Sing to the LORD a new song, and his praise from the end of the earth, you that go down to the sea, and all that is therein; the isles…
Caught up in his ecstasy to a high place of vision, the prophet sees all the nations of mankind deriving blessing from the ministry of Israel, and calls upon them to join in a song of praise. God's goodness in providing a Redeemer demands the thanksgiving of all the world.
I. THE SONG AND THE SINGERS. The new song is named in the Psalter (Psalm 96:1; Psalm 98:1), meaning a song inspired by the sense of new mercies. All parts of the earth are to join in the chorus: the sailors, and even all the finny inhabitants of the deep (Psalm 34:1); the nomads and the dwellers in cities and among the rocks, - shall join to swell the volume of his mighty song.
II. THE GREAT DEEDS OF THE ALMIGHTY. It is a great and terrible day of Jehovah. He, breaking his long silence and reserve, will march forth like a mighty hero, with a loud battle-shout, and put forth all his prowess. (For similar pictures of the God of war, see Isaiah 28:21; Isaiah 31:4; Isaiah 59:16, 17; Zechariah 9:13, 14; Zechariah 14:3.) The whole imagery bespeaks the most intense emotion. God may be silent, may seem to disregard the prayers of his people; but he is not dead, nor is he sleeping, like a Baal. He is waiting; he is ripening his purposes. He is looking for his opportunity. When he comes forth his progress will be marked by judgment and by redemption. These are the two sides, the dark and the bright, of his work. As Judge and Avenger. he will devastate the mountains and hills - the high places of heathendom; and the fertile vineyards on their slopes, and all the temples, fanes, and altars, will be demolished. Under the figures is expressed the coming of a great spiritual revolution. The old corrupt order and custom of the world must first give way before the new and holy can come in. And then, amidst the dismay of the false worshippers, light will at the same time appear to the righteous. "I will lead the blind by a way which they knew not; through paths they have not known I will make them to go: I will turn darkness into light before them, and rough places into a table-land. Those things I will surely do, and I will not let them slip." By the "blind" appears to be meant, not so much the spiritually ignorant as the perplexed, distressed, desponding - those who "walk in obscurity" (Isaiah 59:9, 10). It is the language of tenderness, and the language of strong assurance, founded on superior knowledge. What more common than the experience of the Christian, "Darkness is about me; my way is hedged in; there is no outlook, no prospect"? Yet suddenly - it may be while he is on his knees, it may be in some moment of refreshing sleep - a change comes. The clouds lift; the hosts of the enemy fall back; the: "large place" is reached. Then he sees how blind, how "faint-hearted, incredulous, and undiscerning" he has been. Let us tread the path of duty, which is the path of faith; it will surely lead, before our journey closes, out to those "shining table-lands to which our God himself is Sun and Moon." And let us lay the reproach of the "blind and deaf servant" to heart. We are among the faint-hearted and the incredulous - despite all our experience of God's goodness - whom he here addresses. We are like "the man of mature years and experience, by which he has failed to profit." And thus we are reduced to that mood of humility in which there is every hope. Why this contrast between the design of God to exalt his law of righteousness by means of Israel, and Israel's despoiled and captive estate? Clearly it is because of Israel's sins - because, though chosen of God, they would not walk in God's ways. So let every argument end between ourselves and God "that thou mightest be justified when thou speakest, and be clear when thou judgest." Let us return unto him and be saved. - J.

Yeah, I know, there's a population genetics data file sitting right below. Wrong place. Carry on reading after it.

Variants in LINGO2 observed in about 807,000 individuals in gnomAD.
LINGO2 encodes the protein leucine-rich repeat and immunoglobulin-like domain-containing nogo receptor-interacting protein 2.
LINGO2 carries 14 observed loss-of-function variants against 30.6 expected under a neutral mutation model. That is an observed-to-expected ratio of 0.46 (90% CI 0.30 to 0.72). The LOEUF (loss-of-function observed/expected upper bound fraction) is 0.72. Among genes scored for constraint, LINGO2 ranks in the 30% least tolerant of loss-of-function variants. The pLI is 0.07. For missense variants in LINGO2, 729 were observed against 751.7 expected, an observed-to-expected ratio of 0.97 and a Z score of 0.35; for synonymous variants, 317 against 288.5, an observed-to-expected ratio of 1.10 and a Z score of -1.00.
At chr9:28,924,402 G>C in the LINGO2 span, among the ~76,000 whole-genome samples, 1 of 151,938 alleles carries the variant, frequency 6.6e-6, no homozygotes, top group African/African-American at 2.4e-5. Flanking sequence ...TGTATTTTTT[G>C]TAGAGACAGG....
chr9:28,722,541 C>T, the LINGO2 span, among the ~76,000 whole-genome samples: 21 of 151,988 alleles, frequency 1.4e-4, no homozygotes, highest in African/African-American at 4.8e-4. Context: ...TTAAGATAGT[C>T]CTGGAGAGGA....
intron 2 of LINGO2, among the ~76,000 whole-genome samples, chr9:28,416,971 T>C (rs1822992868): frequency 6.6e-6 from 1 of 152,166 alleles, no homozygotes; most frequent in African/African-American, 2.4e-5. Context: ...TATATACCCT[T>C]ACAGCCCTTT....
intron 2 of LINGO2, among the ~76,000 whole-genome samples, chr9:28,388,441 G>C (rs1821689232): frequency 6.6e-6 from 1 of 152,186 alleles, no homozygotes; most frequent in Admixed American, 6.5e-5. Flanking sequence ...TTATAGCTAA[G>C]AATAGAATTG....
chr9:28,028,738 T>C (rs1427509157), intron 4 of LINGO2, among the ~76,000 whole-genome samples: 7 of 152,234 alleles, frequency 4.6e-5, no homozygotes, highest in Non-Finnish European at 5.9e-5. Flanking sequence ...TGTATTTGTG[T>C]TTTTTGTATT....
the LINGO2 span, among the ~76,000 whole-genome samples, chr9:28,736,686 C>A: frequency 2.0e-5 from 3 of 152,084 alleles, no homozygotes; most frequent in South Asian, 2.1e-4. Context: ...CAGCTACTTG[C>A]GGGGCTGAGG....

Parallel VersesKJV: Sing unto the LORD a new song, and his praise from the end of the earth, ye that go down to the sea, and all that is therein; the isles, and the inhabitants thereof.